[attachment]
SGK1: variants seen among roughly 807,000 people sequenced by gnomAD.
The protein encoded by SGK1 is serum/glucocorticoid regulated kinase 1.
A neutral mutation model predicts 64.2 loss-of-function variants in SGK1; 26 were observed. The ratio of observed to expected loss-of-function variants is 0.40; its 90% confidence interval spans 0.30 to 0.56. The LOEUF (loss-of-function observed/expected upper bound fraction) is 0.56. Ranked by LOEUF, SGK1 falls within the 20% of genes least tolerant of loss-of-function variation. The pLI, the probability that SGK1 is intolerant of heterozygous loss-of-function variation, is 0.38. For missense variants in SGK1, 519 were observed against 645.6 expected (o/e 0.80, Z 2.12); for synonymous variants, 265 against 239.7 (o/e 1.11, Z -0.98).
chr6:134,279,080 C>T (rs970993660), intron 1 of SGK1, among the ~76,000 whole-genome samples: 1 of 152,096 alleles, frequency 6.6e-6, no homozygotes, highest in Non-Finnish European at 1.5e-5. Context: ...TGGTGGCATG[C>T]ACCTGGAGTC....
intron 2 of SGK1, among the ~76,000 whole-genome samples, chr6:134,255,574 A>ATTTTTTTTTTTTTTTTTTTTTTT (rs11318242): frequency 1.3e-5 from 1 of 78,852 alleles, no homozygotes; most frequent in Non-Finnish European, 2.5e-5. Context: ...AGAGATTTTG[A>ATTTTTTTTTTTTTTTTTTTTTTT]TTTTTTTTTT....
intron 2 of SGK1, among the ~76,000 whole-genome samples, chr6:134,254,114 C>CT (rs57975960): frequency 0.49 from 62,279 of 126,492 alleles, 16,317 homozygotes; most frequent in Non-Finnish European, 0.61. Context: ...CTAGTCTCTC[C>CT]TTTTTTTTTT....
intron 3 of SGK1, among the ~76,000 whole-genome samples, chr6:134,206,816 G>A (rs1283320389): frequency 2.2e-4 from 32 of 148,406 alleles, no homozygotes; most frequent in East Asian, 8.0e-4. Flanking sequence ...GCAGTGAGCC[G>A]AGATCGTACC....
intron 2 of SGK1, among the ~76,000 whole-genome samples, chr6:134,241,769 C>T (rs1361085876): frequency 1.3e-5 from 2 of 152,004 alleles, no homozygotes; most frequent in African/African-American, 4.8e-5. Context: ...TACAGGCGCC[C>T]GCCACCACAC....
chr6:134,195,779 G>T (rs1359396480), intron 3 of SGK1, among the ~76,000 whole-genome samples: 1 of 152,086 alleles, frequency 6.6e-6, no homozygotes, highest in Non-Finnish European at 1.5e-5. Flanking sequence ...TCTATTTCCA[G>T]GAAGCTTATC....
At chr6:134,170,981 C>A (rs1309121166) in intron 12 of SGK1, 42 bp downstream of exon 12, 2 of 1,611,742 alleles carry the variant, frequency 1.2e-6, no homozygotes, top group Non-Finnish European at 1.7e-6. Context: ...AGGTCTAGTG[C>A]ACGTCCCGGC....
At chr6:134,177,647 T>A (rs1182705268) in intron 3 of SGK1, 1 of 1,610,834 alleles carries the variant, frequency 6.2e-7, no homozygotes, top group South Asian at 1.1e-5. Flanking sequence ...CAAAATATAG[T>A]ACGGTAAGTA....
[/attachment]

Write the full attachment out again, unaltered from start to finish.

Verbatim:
SGK1: variants seen among roughly 807,000 people sequenced by gnomAD.
The protein encoded by SGK1 is serum/glucocorticoid regulated kinase 1.
A neutral mutation model predicts 64.2 loss-of-function variants in SGK1; 26 were observed. The ratio of observed to expected loss-of-function variants is 0.40; its 90% confidence interval spans 0.30 to 0.56. The LOEUF (loss-of-function observed/expected upper bound fraction) is 0.56. Ranked by LOEUF, SGK1 falls within the 20% of genes least tolerant of loss-of-function variation. The pLI, the probability that SGK1 is intolerant of heterozygous loss-of-function variation, is 0.38. For missense variants in SGK1, 519 were observed against 645.6 expected (o/e 0.80, Z 2.12); for synonymous variants, 265 against 239.7 (o/e 1.11, Z -0.98).
chr6:134,279,080 C>T (rs970993660), intron 1 of SGK1, among the ~76,000 whole-genome samples: 1 of 152,096 alleles, frequency 6.6e-6, no homozygotes, highest in Non-Finnish European at 1.5e-5. Context: ...TGGTGGCATG[C>T]ACCTGGAGTC....
intron 2 of SGK1, among the ~76,000 whole-genome samples, chr6:134,255,574 A>ATTTTTTTTTTTTTTTTTTTTTTT (rs11318242): frequency 1.3e-5 from 1 of 78,852 alleles, no homozygotes; most frequent in Non-Finnish European, 2.5e-5. Context: ...AGAGATTTTG[A>ATTTTTTTTTTTTTTTTTTTTTTT]TTTTTTTTTT....
intron 2 of SGK1, among the ~76,000 whole-genome samples, chr6:134,254,114 C>CT (rs57975960): frequency 0.49 from 62,279 of 126,492 alleles, 16,317 homozygotes; most frequent in Non-Finnish European, 0.61. Context: ...CTAGTCTCTC[C>CT]TTTTTTTTTT....
intron 3 of SGK1, among the ~76,000 whole-genome samples, chr6:134,206,816 G>A (rs1283320389): frequency 2.2e-4 from 32 of 148,406 alleles, no homozygotes; most frequent in East Asian, 8.0e-4. Flanking sequence ...GCAGTGAGCC[G>A]AGATCGTACC....
intron 2 of SGK1, among the ~76,000 whole-genome samples, chr6:134,241,769 C>T (rs1361085876): frequency 1.3e-5 from 2 of 152,004 alleles, no homozygotes; most frequent in African/African-American, 4.8e-5. Context: ...TACAGGCGCC[C>T]GCCACCACAC....
chr6:134,195,779 G>T (rs1359396480), intron 3 of SGK1, among the ~76,000 whole-genome samples: 1 of 152,086 alleles, frequency 6.6e-6, no homozygotes, highest in Non-Finnish European at 1.5e-5. Flanking sequence ...TCTATTTCCA[G>T]GAAGCTTATC....
At chr6:134,170,981 C>A (rs1309121166) in intron 12 of SGK1, 42 bp downstream of exon 12, 2 of 1,611,742 alleles carry the variant, frequency 1.2e-6, no homozygotes, top group Non-Finnish European at 1.7e-6. Context: ...AGGTCTAGTG[C>A]ACGTCCCGGC....
At chr6:134,177,647 T>A (rs1182705268) in intron 3 of SGK1, 1 of 1,610,834 alleles carries the variant, frequency 6.2e-7, no homozygotes, top group South Asian at 1.1e-5. Flanking sequence ...CAAAATATAG[T>A]ACGGTAAGTA....